On Aug. 25, students, staff, and faculty met for Convocation during Welcome Week to recognize the start of the fall semester. Students who participated in Welcome Week events were entered into a drawing and some won three-credit hour scholarships during Convocation.
Caption: Student Government Association President Eaba Dechasa spoke during Convocation to assembled faculty, staff, and students.
Police Academy Graduation
CCA honored its second 2016 Police Academy graduates with a ceremony in the Forum in the Fine Arts Building on Aug. 23.
Caption: Police Academy graduates pose outside of the Forum after the ceremony.
Although our name has changed our mission hasn’t — the office formerly known as the Accessibility Services Office is now the Office of Disability and Equity.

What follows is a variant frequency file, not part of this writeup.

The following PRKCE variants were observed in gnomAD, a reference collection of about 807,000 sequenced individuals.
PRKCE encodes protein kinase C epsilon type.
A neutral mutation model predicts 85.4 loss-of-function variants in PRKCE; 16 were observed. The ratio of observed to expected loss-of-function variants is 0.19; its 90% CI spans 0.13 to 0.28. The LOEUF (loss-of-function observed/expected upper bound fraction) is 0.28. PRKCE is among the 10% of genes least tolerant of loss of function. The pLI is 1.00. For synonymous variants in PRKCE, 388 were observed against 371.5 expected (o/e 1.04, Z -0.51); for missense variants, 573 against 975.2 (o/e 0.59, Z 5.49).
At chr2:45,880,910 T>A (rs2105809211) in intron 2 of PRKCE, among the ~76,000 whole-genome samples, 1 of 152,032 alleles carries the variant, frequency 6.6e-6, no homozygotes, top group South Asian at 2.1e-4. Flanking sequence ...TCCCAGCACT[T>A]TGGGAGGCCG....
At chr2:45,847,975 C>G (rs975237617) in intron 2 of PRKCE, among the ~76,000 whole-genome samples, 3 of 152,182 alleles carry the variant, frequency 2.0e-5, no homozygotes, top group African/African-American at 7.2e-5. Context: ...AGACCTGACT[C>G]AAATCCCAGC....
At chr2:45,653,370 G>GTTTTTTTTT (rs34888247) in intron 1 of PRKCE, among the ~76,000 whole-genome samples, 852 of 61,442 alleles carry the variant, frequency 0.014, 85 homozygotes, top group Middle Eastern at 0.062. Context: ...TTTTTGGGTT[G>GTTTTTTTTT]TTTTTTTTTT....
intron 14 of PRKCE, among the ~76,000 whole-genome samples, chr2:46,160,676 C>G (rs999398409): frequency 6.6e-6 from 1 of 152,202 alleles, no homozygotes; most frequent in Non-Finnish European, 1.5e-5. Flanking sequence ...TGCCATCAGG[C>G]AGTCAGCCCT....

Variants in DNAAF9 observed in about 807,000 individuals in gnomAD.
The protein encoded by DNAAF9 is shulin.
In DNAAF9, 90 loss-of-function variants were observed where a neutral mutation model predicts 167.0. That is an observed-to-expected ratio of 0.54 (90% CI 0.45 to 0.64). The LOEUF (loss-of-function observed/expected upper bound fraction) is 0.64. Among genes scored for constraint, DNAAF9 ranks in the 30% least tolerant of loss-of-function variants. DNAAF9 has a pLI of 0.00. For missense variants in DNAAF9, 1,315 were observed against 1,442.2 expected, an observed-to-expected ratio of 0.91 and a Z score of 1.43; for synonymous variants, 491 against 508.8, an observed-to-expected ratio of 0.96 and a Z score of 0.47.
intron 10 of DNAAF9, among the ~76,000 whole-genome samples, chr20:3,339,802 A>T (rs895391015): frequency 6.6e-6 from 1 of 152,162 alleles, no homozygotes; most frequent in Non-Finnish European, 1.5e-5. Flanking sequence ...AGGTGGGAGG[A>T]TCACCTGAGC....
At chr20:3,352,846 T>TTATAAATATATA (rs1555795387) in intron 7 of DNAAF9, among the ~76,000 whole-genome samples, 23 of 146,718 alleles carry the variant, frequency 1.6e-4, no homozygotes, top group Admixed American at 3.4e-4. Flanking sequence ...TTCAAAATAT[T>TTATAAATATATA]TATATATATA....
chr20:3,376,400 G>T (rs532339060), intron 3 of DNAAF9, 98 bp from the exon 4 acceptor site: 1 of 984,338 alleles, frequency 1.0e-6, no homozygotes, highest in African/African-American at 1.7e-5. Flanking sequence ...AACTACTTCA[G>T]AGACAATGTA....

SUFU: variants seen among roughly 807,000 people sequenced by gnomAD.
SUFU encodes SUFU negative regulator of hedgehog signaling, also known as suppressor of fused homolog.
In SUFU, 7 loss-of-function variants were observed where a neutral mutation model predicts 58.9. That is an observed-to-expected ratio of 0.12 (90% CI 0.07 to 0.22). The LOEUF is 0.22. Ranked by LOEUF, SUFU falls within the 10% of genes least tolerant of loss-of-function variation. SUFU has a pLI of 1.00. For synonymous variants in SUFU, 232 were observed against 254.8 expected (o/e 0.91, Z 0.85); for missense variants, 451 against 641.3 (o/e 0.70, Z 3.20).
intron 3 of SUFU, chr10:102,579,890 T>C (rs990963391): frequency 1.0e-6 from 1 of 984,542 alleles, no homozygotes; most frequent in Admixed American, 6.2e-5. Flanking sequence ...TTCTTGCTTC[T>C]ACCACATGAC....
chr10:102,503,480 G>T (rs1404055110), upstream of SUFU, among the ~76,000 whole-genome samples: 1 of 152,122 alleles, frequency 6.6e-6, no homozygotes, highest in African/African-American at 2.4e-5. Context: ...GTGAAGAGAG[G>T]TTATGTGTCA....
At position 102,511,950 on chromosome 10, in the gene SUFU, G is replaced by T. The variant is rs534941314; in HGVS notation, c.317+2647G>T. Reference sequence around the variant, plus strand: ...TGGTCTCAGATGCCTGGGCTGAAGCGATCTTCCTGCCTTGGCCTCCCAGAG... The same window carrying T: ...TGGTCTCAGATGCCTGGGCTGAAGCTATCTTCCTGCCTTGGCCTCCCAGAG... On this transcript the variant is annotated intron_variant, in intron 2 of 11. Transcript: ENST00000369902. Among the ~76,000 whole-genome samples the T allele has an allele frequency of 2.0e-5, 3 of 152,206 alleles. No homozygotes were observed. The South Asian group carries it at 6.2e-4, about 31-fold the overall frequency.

The name change is part of our rebranding and to bring awareness to the disability movement. We believe this change is in the best interest of the Office and the students that we serve. The Office was created in order to provide accommodations to students with disabilities; and, by changing the name to include the word “disability” we can allow our students to take back the term and we can work on getting rid of the negative stigma. While we do work on providing access, that is only a part of what we do since creating access for all students is within our mission of equity. We also believe that our name change better aligns with the college’s goals, mission, and vision.